The following is a sample of recent and upcoming work by faculty.
Johnson’s feel for the rhythms of reconnection are steady, and she and her fine actors make RETURN one of only a handful of films to honestly address what to many is heartbreaking reality.
Mérida M. Rúa
Chicago is home to the third-largest concentration of Puerto Ricans in the United States, but scholarship on the city rarely accounts for their presence. This book is part of an effort to include Puerto Ricans in Chicago’s history. Rúa traces Puerto Ricans’ construction of identity in a narrative that begins in 1945, when a small group of University of Puerto Rico graduates earned scholarships to attend the University of Chicago and a private employment agency recruited Puerto Rican domestics and foundry workers. They arrived from an island colony where they had held U.S. citizenship and where most thought of themselves as “white.” But in Chicago, Puerto Ricans were considered “colored” and their citizenship was second class. They seemed to share few of the rights other Chicagoans took for granted. In her analysis of the following six decades–during which Chicago witnessed urban renewal, loss of neighborhoods, emergence of multiracial coalitions, waves of protest movements, and everyday commemorations of death and life–Rúa explores the ways in which Puerto Ricans have negotiated their identity as Puerto Ricans, Latinos, and U.S. citizens.
Through a variety of sources, including oral history interviews, ethnographic observation, archival research, and textual criticism, A Grounded Identidad attempts to redress this oversight of traditional scholarship on Chicago by presenting not only Puerto Ricans’ reconstitution from colonial subjects to second-class citizens, but also by examining the implications of this political reality on the ways in which Puerto Ricans have been racially imagined and positioned in comparison to blacks, whites, and Mexicans over time.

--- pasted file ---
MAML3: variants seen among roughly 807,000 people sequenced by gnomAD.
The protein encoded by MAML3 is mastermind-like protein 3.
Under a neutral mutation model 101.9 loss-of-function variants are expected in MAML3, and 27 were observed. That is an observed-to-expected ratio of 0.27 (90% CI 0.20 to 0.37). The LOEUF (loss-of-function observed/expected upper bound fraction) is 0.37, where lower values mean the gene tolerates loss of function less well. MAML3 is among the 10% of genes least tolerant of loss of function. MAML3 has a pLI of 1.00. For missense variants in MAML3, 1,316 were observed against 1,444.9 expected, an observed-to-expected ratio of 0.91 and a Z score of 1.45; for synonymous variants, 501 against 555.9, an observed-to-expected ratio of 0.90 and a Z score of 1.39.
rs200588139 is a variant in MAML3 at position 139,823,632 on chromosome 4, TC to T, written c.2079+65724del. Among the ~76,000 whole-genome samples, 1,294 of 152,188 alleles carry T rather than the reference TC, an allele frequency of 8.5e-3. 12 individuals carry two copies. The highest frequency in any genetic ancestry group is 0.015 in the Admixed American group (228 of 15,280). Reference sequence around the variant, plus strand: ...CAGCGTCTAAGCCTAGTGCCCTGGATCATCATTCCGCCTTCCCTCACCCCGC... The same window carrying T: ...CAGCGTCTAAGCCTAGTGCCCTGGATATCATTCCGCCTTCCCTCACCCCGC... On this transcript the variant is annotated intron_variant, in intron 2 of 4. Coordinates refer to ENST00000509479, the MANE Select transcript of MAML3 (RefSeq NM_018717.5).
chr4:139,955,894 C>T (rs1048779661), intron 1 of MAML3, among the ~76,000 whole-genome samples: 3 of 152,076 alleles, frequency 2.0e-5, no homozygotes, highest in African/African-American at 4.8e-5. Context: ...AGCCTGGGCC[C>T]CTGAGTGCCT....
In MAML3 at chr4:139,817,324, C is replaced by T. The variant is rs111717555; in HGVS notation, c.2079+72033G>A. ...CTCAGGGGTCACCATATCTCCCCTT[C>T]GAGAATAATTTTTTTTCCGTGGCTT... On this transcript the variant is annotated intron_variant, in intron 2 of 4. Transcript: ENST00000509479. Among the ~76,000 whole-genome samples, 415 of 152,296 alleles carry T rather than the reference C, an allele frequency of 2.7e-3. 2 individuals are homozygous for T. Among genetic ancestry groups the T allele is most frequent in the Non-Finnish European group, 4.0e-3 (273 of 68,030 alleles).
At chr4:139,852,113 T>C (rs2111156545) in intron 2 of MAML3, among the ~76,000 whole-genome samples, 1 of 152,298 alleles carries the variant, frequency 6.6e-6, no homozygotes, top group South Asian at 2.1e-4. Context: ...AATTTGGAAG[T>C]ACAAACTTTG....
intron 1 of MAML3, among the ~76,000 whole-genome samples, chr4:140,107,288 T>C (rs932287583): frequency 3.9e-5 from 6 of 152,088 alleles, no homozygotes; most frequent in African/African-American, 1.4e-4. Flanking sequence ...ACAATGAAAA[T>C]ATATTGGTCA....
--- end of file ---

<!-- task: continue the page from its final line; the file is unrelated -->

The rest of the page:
Can minority poetry contribute meaningfully to American poetry and poetics? Dorothy J. Wang makes an impassioned case that indeed it can, while taking pains to point out that such a claim does not square with the status quo. Poetry by racialized persons, she notes, is almost always read as secondary to the larger (and more “primary”) fields of English-language poetry and poetics. Thinking Its Presence calls for a radical rethinking of how American poetry is being read today.
While focusing on the work of five contemporary Asian American poets—Li-Young Lee, Marilyn Chin, John Yau, Mei-mei Berssenbrugge, and Pamela Lu—the book makes the larger case that aesthetic forms are inseparable from social, political, and historical contexts when it comes to the writing and reception of poetry. Wang questions the tendency of critics and academics alike to occlude the role of race in their discussions of the American poetic tradition and casts a harsh light on the double standard they apply in reading poems by poets who are racial minorities.
This is the first sustained and detailed study of the formal properties in Asian American poetry across a range of aesthetic styles, from traditional lyric to avant-garde. With passion and conviction, Wang argues effectively that critics should read minority poetry with the same attention to language and form that they bring to their analyses of writing by white poets.